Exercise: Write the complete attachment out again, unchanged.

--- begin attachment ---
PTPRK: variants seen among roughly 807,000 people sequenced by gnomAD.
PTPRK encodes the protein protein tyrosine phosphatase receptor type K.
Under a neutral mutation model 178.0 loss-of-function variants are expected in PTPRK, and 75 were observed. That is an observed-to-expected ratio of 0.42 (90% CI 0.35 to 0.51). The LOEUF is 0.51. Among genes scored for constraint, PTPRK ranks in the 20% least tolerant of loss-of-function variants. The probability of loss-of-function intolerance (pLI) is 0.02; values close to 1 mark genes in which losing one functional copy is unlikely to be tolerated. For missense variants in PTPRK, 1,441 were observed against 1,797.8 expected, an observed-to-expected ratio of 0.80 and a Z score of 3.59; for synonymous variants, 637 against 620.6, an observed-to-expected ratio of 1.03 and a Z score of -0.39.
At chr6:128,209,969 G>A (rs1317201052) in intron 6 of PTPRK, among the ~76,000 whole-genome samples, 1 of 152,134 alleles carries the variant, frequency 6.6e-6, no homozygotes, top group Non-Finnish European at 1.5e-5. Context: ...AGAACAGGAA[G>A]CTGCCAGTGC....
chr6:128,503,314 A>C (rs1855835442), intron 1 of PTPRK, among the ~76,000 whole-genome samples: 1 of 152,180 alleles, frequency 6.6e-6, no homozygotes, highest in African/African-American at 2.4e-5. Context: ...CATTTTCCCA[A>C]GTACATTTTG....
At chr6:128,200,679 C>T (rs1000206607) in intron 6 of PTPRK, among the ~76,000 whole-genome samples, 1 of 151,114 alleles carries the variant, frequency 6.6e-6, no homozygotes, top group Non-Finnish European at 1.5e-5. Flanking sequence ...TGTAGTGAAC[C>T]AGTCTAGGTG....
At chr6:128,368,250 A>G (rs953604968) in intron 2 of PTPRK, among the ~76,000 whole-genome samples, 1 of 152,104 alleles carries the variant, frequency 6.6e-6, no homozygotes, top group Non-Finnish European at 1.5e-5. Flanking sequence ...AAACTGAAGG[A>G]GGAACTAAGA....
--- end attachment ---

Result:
PTPRK: variants seen among roughly 807,000 people sequenced by gnomAD.
PTPRK encodes the protein protein tyrosine phosphatase receptor type K.
Under a neutral mutation model 178.0 loss-of-function variants are expected in PTPRK, and 75 were observed. That is an observed-to-expected ratio of 0.42 (90% CI 0.35 to 0.51). The LOEUF is 0.51. Among genes scored for constraint, PTPRK ranks in the 20% least tolerant of loss-of-function variants. The probability of loss-of-function intolerance (pLI) is 0.02; values close to 1 mark genes in which losing one functional copy is unlikely to be tolerated. For missense variants in PTPRK, 1,441 were observed against 1,797.8 expected, an observed-to-expected ratio of 0.80 and a Z score of 3.59; for synonymous variants, 637 against 620.6, an observed-to-expected ratio of 1.03 and a Z score of -0.39.
At chr6:128,209,969 G>A (rs1317201052) in intron 6 of PTPRK, among the ~76,000 whole-genome samples, 1 of 152,134 alleles carries the variant, frequency 6.6e-6, no homozygotes, top group Non-Finnish European at 1.5e-5. Context: ...AGAACAGGAA[G>A]CTGCCAGTGC....
chr6:128,503,314 A>C (rs1855835442), intron 1 of PTPRK, among the ~76,000 whole-genome samples: 1 of 152,180 alleles, frequency 6.6e-6, no homozygotes, highest in African/African-American at 2.4e-5. Context: ...CATTTTCCCA[A>C]GTACATTTTG....
At chr6:128,200,679 C>T (rs1000206607) in intron 6 of PTPRK, among the ~76,000 whole-genome samples, 1 of 151,114 alleles carries the variant, frequency 6.6e-6, no homozygotes, top group Non-Finnish European at 1.5e-5. Flanking sequence ...TGTAGTGAAC[C>T]AGTCTAGGTG....
At chr6:128,368,250 A>G (rs953604968) in intron 2 of PTPRK, among the ~76,000 whole-genome samples, 1 of 152,104 alleles carries the variant, frequency 6.6e-6, no homozygotes, top group Non-Finnish European at 1.5e-5. Flanking sequence ...AAACTGAAGG[A>G]GGAACTAAGA....